Beverly Sheppard, Marsha Semmel, and Carol Bossert
David Wildon Carr (1945–2016) was recognized in the international cultural community as a scholar and instigator whose critical thinking challenged museum practitioners to reflect on the purpose and responsibility of their work. In his recent papers and lectures, he argued that those discussing museum experiences are late to enter into a dialogue already in progress—a dialogue which carefully considers the whole person in a community, and wherein thinking with a museum is an enterprise embedded in the learner’s experience.
This forum, written by three museum professionals in response to his recent untimely death, is intended to capture personal impressions of Carr’s contribution to the continuing work of museums. Each author quotes from Carr’s writings, since his words have such enduring strength—a strength that will continue to resonate long into the future. Each also offers readers some personal background on his work as a teacher.
David Wildon Carr (1945–2016) was recognized in the international cultural community as a scholar and instigator whose critical thinking challenged museum practitioners to reflect on the purpose and responsibility of their work. In his recent papers and lectures, he argued for a museum’s careful consideration of the whole person in every dimension of the museum experience, to realize that those discussing and creating museum experiences are entering into a dialogue already in progress. He described learners as thinking with a museum— rather than learning from a museum.
Carr passed away January 31st, 2016. This was before he could complete his 2017 keynote address: “Museums and Their Publics in Sites of Conflicted History,” for an international conference planned by the POLIN Museum in Warsaw, Poland. At the time, he was also completing a series of essays entitled: The Kind of Dream This Is: Museum Notebooks. This article stands in appreciation of Carr and his work. It offers readers an overview of his work and its impact on the theoretical and applied study of cultural institutions, it encourages reflection on his writings, and it draws attention to the contributions of his lifework to the cultural sector, especially in libraries and museums.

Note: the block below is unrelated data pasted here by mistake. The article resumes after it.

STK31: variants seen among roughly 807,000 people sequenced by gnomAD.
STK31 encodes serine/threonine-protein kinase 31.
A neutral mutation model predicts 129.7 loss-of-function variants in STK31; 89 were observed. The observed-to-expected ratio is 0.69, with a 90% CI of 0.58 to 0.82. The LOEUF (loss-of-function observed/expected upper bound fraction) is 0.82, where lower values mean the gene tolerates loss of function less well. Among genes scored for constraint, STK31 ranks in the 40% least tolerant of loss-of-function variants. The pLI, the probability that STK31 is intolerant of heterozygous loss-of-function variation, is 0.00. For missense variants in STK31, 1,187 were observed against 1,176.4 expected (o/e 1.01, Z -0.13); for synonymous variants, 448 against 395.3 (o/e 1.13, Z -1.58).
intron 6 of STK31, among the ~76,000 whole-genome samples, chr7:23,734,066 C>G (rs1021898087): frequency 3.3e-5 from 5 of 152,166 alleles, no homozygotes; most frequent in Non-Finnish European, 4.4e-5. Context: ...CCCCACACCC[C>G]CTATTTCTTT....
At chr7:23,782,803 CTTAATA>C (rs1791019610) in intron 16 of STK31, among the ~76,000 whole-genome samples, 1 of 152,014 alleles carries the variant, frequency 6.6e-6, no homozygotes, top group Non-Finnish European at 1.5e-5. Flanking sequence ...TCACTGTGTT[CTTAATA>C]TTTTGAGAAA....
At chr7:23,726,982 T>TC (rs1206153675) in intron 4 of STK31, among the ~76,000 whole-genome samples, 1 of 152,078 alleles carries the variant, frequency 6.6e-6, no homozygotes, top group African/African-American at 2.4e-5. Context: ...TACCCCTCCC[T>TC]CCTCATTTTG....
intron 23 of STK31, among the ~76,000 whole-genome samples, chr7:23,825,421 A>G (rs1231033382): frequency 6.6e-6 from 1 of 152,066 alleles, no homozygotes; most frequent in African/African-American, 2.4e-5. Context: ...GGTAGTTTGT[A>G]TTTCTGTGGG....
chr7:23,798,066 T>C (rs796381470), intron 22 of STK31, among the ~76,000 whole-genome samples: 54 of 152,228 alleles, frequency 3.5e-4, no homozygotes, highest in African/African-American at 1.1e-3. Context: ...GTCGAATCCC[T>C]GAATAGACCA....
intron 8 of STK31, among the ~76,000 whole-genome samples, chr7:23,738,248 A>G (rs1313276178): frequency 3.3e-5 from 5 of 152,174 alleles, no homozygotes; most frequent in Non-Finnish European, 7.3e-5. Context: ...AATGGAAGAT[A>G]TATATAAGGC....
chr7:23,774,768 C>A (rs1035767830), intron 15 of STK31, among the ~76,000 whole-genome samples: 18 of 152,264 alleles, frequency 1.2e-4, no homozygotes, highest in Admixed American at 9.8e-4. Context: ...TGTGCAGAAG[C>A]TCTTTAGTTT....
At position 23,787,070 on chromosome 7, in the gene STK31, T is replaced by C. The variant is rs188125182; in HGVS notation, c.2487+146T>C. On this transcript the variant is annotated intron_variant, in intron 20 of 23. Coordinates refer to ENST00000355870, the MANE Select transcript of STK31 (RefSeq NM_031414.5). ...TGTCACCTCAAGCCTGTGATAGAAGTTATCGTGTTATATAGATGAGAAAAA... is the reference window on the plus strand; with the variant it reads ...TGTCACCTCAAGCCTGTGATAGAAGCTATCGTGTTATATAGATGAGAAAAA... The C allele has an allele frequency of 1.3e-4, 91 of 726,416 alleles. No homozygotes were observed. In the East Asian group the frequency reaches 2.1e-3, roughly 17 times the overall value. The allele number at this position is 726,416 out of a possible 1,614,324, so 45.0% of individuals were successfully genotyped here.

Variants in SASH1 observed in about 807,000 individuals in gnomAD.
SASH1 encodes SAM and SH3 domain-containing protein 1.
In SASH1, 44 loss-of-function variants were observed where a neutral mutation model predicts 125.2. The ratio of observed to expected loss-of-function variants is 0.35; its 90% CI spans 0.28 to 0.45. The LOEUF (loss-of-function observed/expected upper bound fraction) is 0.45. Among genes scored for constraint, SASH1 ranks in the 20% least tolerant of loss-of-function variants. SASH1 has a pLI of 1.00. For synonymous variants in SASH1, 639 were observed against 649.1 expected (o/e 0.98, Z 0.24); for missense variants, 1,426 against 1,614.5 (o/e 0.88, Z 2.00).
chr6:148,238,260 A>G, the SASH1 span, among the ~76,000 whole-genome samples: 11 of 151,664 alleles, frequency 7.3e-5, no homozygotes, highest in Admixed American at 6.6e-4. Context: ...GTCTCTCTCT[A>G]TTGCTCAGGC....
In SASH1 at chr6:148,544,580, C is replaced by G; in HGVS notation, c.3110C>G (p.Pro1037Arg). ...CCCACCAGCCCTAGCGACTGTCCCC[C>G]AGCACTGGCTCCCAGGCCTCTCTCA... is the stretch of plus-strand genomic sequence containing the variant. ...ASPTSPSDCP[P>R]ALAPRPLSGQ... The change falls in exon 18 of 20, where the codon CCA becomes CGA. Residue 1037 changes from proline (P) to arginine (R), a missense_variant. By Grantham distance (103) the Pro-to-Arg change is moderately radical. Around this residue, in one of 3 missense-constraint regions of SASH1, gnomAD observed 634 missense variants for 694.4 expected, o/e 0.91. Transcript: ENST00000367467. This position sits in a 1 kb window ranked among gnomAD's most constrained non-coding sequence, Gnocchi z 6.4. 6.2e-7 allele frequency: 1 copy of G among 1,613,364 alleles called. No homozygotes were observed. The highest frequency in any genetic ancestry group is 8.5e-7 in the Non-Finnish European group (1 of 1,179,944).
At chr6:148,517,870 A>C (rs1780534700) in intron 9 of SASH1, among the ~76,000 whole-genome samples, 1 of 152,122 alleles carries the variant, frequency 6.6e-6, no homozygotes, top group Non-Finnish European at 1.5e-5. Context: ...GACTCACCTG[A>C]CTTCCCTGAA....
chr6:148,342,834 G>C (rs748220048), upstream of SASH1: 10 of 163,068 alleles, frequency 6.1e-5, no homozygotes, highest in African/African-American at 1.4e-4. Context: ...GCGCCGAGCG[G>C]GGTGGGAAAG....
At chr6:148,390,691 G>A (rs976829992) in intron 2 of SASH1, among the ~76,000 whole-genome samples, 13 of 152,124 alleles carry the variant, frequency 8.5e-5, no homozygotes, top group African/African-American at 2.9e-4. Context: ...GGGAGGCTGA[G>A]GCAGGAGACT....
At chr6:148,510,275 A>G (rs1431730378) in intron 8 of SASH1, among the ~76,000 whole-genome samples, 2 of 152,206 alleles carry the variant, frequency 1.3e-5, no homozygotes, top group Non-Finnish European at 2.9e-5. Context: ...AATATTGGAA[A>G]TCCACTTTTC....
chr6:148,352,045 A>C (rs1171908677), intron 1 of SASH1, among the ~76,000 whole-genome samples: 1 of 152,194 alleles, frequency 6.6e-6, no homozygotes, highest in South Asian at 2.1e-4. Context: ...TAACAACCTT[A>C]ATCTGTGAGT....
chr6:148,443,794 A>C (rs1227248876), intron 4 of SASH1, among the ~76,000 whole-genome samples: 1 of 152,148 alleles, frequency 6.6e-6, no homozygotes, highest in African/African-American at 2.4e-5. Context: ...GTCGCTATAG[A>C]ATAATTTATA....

This forum is the result of a conversation among three museum professionals in the wake of his passing. It is intended to capture personal impressions of Carr’s contribution to the work of museums. The authors quote from Carr’s writings, since his words have such enduring strength—a strength that will continue to resonate long into the future. They also offer some background on his work as a teacher. Carr’s legacy should be the subject of an in-depth assessment that awaits a cultural historian, philosopher or educator. We would be honored to publish it.
To honor Carr’s legacy is to read his words and hear his call to action. To acknowledge the importance of this work, the publishers have agreed to offer Carr’s writing for the journal as open access from April 15th, 2016—July 15th, 2016. We encourage readers to offer their thoughts on Carr’s work to the journal’s website: Curatorjournal.org.
The week following news of David Carr’s recent and untimely death, Marsha (Semmel) opened her thick “David Carr” file. The first document in it was one of the bookmarks he made as gifts for those of us lucky enough to call him a friend. “Think with me,” it invites. Any reader who took David up on that invitation was rarely disappointed.
David Wildon Carr assumed many roles in his long and productive career. He was by training a librarian and, for more than thirty years, a teacher of librarians at Rutgers, the State University of New Jersey, as well as the University of North Carolina at Chapel Hill. He described himself as a reader and a “reader’s advisor,” an advocate for cultural institutions, a writer, a museum observer, and, always, a learner.
In reading his contributions to museum thought, he considered museums and libraries to be necessary parts of the human enterprise and often as a single sector with common purposes. As he wrote in the introduction to his first book, The Promise of Our Cultural Institutions (2003):
My intention has been to address both institutions with one vocabulary, recognizing in them an identity of common motives and values.